- If using the in-depth audit interview process or any open-ended question, make sure they’re really open-ended. Using open-ended questions helps gain insight into what the interviewee understands or feels about a specific issue. For example, the interviewer may ask, “What do you think about the effectiveness of this process?” Or, “What do you feel about the organization’s performance feedback program?”
Another good practice is to ask experience-type questions first before you ask for opinions or feeling-type questions. This is especially true when you’re auditing a process that has failed. Getting the facts (experience) answered first helps prepare the interviewee to express his or her opinion/feeling as to why it failed later on in the audit interview.
To gain deeper understanding and improve the quality of your data, use the probing technique. Probing is the follow up to a response by asking for more clarification. For example, “Can you explain that further? Can you provide another detailed example of that happening?” Paraphrase for understanding when needed. To avoid misinterpretations, clarify the interviewee’s statements with him or her. For example, the interviewer may say, “Do I understand the process works this way…? Is it correct for me to say you feel this way…?”
Once the audit begins and you begin the audit interview, be respectful of the fact that the process is intrusive. Try to be as minimally disruptive as possible. Explain to the interviewee why you’re there and try to put him or her at ease. Do your best to inform the interviewee that you’re collecting information about the process and not about him or her. The best thing you can do at this point is to maintain rapport and build trust throughout the audit interview.
During the audit interview, an auditor may come across information that may need to be verified for accuracy. This information can be corroborated by hearing the same response from another individual or through another auditor. It can also be found in a process or product attribute such as a product, record, or document. Good interviewers understand the process of verification and validation to give credibility to their findings.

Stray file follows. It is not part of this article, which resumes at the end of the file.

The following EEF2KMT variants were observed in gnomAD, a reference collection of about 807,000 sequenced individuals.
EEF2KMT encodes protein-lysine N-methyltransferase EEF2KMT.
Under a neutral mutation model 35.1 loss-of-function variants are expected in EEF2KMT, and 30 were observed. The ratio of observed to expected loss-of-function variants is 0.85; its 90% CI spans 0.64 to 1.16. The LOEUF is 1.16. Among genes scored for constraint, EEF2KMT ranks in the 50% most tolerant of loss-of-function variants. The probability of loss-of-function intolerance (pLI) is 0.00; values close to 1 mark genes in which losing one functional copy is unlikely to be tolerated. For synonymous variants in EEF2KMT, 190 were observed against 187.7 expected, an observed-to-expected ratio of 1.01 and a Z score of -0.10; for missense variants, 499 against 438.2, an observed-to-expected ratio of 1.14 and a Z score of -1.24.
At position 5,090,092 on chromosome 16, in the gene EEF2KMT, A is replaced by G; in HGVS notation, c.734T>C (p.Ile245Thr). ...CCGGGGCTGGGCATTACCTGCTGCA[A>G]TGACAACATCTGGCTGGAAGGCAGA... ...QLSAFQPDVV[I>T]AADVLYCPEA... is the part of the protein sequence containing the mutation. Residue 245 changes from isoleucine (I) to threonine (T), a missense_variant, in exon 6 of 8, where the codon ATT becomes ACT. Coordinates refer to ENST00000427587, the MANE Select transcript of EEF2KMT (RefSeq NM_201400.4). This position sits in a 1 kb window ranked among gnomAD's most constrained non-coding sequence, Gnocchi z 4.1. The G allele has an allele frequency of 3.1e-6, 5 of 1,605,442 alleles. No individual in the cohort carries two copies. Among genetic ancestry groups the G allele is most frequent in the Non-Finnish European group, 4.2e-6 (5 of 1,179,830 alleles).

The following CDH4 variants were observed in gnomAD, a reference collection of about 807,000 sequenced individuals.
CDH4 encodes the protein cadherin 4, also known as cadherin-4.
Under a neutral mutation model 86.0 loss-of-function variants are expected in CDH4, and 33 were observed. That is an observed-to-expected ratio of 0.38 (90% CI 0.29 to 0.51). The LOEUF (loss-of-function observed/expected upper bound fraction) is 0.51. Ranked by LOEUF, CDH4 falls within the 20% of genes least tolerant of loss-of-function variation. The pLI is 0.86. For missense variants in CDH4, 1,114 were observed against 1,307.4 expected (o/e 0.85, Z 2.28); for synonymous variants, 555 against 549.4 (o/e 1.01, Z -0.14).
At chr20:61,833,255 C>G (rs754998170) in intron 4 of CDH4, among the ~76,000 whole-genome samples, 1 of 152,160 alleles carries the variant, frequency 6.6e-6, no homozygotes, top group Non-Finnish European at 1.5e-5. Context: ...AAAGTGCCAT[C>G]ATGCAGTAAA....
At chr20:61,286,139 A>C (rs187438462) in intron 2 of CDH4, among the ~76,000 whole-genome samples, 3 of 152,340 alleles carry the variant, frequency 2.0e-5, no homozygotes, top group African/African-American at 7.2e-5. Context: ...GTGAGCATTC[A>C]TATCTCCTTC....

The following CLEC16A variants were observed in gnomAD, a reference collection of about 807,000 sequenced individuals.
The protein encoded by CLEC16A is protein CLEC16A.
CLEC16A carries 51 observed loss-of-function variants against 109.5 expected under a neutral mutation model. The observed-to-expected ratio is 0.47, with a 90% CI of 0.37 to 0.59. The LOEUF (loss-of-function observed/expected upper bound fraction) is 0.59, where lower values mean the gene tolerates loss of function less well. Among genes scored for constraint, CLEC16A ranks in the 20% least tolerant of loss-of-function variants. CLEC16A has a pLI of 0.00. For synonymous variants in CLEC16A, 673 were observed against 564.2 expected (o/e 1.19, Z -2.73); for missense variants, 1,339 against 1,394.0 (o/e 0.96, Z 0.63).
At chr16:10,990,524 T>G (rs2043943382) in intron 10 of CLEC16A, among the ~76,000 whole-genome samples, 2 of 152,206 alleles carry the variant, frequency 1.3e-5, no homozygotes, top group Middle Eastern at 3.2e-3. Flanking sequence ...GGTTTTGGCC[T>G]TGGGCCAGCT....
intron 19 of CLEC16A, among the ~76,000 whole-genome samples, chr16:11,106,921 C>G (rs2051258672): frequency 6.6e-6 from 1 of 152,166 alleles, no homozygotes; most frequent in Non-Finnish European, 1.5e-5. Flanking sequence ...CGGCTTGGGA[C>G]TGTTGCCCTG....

Auditors who pursue and maintain their interviewing skills sets can avoid common errors such as steering auditees toward certain conclusions by using leading questions or answering for the interviewee instead of waiting for his or her response. They can also identify and eliminate the potential for bias to negatively affect results. Good interviewers understand there are limitations to any interview.
The audit interview has its limitations as a data collection tool. Because much of the data gained from an audit interview is qualitative (as is the case when using open-ended questions), it can be difficult to analyze. Interviewing takes a significant amount of time, so if the auditor has to conduct an audit interview with several people each day, he or she can become exhausted. That fatigue can lead to bias. Auditors who know their clients well and have a personal friendship can also introduce bias into the audit interview results. To prevent such errors the key is to become better educated and prepared.
Auditors who plan their interviews, use their relationship-building skills, and constantly pursue improvement in their performance of interviews do very well. They are less disruptive, focus on the process, and come away with quantifiable and qualitative data they can use to assess process effectiveness.
About the author
John E. Gray is an organizational strategic planner, audit program manager, certified quality auditor, certified plexus/coach trainer, and lean facilitator with the U.S. Air Force Acquisition Management and Integration Center. He has more than 15 years’ experience in auditing service suppliers for the Air Combat Command.